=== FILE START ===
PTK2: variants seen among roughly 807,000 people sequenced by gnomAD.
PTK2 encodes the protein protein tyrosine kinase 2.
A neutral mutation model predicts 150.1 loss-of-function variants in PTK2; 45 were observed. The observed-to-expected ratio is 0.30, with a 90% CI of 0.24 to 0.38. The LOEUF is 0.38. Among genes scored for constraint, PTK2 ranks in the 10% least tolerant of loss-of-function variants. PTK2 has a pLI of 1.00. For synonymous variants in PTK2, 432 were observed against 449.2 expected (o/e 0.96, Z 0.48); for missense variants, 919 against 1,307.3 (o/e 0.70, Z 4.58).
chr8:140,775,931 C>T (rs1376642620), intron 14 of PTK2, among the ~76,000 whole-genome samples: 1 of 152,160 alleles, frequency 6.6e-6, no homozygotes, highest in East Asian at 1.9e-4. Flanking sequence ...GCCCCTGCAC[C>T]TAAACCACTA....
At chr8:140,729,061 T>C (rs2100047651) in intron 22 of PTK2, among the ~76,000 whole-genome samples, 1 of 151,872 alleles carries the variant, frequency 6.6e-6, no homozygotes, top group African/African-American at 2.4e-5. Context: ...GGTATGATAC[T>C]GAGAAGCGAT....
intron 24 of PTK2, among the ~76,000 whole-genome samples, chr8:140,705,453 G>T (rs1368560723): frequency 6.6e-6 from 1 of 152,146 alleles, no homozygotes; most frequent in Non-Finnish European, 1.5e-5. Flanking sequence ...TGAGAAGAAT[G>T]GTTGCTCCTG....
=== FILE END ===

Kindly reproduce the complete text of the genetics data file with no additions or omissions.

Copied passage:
PTK2: variants seen among roughly 807,000 people sequenced by gnomAD.
PTK2 encodes the protein protein tyrosine kinase 2.
A neutral mutation model predicts 150.1 loss-of-function variants in PTK2; 45 were observed. The observed-to-expected ratio is 0.30, with a 90% CI of 0.24 to 0.38. The LOEUF is 0.38. Among genes scored for constraint, PTK2 ranks in the 10% least tolerant of loss-of-function variants. PTK2 has a pLI of 1.00. For synonymous variants in PTK2, 432 were observed against 449.2 expected (o/e 0.96, Z 0.48); for missense variants, 919 against 1,307.3 (o/e 0.70, Z 4.58).
chr8:140,775,931 C>T (rs1376642620), intron 14 of PTK2, among the ~76,000 whole-genome samples: 1 of 152,160 alleles, frequency 6.6e-6, no homozygotes, highest in East Asian at 1.9e-4. Flanking sequence ...GCCCCTGCAC[C>T]TAAACCACTA....
At chr8:140,729,061 T>C (rs2100047651) in intron 22 of PTK2, among the ~76,000 whole-genome samples, 1 of 151,872 alleles carries the variant, frequency 6.6e-6, no homozygotes, top group African/African-American at 2.4e-5. Context: ...GGTATGATAC[T>C]GAGAAGCGAT....
intron 24 of PTK2, among the ~76,000 whole-genome samples, chr8:140,705,453 G>T (rs1368560723): frequency 6.6e-6 from 1 of 152,146 alleles, no homozygotes; most frequent in Non-Finnish European, 1.5e-5. Flanking sequence ...TGAGAAGAAT[G>T]GTTGCTCCTG....